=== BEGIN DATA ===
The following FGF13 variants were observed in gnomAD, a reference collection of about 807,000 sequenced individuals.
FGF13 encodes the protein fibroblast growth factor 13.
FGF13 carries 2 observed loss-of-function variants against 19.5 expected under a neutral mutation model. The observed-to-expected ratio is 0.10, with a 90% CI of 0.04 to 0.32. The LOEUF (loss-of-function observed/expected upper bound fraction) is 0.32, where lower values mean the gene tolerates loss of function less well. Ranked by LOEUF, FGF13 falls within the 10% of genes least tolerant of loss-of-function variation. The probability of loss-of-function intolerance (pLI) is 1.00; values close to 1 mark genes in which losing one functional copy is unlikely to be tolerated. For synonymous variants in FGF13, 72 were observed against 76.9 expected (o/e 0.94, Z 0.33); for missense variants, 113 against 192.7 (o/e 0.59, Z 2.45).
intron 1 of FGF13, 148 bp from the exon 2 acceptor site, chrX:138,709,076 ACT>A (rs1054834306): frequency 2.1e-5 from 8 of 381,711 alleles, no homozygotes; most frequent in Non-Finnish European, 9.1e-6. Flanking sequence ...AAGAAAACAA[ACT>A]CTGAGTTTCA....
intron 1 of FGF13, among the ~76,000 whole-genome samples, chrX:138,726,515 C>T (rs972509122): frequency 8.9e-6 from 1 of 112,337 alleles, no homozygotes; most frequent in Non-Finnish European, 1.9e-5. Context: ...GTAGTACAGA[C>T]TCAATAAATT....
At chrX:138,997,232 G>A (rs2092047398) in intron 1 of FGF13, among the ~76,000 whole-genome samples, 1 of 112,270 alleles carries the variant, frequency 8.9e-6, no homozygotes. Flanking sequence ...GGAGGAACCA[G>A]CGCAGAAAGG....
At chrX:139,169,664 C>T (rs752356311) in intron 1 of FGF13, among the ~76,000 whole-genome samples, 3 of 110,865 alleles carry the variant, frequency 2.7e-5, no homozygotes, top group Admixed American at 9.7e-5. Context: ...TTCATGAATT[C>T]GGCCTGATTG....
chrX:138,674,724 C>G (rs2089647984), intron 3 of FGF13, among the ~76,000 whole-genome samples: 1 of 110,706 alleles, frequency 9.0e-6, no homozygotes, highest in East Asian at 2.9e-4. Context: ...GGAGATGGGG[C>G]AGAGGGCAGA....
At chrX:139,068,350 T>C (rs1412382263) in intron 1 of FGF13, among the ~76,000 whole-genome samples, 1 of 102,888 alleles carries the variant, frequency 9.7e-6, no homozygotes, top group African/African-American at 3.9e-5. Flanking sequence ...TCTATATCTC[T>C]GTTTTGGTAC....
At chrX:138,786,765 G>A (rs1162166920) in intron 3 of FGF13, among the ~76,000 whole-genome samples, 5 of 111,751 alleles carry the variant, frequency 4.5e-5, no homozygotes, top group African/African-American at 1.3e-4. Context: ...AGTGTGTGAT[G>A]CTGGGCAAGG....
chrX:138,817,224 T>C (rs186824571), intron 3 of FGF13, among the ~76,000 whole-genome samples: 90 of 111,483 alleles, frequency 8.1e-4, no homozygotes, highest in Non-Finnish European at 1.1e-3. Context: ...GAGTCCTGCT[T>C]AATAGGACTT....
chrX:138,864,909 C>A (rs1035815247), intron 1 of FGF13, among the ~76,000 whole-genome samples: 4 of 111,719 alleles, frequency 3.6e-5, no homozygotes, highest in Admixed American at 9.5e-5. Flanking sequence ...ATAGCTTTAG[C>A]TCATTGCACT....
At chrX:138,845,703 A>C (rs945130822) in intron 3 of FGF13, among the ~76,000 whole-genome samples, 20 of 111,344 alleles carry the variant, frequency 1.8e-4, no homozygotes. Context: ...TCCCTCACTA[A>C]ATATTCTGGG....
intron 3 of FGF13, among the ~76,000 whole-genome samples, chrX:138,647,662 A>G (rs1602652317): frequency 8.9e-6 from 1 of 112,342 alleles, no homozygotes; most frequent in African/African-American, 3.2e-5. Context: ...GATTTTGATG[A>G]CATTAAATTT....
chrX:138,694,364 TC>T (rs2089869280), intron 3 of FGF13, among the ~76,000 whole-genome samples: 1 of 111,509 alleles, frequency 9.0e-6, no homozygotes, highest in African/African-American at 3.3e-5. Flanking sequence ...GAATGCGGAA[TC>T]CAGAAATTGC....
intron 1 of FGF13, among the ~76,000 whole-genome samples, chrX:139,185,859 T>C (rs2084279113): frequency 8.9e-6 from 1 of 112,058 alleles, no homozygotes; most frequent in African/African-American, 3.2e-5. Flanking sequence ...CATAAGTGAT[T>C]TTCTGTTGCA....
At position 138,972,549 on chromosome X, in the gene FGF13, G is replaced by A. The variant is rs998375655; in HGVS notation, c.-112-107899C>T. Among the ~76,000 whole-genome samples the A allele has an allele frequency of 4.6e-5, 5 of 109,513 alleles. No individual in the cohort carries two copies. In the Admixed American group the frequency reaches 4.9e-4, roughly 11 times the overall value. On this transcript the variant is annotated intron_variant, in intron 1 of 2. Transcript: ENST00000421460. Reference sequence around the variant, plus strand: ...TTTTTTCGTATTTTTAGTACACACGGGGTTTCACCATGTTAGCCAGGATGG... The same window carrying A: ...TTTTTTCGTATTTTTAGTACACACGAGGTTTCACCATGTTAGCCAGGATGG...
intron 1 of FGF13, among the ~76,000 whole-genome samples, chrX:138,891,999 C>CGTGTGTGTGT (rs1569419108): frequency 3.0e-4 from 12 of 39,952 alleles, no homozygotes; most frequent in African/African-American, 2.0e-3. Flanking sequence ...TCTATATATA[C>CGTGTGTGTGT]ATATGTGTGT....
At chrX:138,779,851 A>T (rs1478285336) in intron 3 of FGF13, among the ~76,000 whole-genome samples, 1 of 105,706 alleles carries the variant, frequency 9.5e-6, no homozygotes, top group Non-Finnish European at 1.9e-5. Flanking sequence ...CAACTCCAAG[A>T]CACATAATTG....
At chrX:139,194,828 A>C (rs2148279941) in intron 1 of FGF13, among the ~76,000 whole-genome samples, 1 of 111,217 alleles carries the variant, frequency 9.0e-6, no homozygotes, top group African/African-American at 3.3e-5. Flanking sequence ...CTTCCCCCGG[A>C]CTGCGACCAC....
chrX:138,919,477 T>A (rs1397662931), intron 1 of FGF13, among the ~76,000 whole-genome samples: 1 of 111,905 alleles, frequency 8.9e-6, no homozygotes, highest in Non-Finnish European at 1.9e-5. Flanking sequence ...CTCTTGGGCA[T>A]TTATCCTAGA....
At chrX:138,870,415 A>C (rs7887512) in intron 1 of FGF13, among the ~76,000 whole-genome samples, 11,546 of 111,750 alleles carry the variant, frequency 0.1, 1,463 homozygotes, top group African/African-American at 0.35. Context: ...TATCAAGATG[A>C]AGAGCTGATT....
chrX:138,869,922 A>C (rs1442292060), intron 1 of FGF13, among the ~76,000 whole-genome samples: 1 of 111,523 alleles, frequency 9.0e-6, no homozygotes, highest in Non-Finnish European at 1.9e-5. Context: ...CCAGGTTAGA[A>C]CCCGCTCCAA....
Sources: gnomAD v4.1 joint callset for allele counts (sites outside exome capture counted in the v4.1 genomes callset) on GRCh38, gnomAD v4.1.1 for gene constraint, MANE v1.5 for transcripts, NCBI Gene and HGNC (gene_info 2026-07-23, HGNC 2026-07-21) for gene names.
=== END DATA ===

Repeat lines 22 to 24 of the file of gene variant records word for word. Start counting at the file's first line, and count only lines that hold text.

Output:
At chrX:138,870,415 A>C (rs7887512) in intron 1 of FGF13, among the ~76,000 whole-genome samples, 11,546 of 111,750 alleles carry the variant, frequency 0.1, 1,463 homozygotes, top group African/African-American at 0.35. Context: ...TATCAAGATG[A>C]AGAGCTGATT....
chrX:138,869,922 A>C (rs1442292060), intron 1 of FGF13, among the ~76,000 whole-genome samples: 1 of 111,523 alleles, frequency 9.0e-6, no homozygotes, highest in Non-Finnish European at 1.9e-5. Context: ...CCAGGTTAGA[A>C]CCCGCTCCAA....
Sources: gnomAD v4.1 joint callset for allele counts (sites outside exome capture counted in the v4.1 genomes callset) on GRCh38, gnomAD v4.1.1 for gene constraint, MANE v1.5 for transcripts, NCBI Gene and HGNC (gene_info 2026-07-23, HGNC 2026-07-21) for gene names.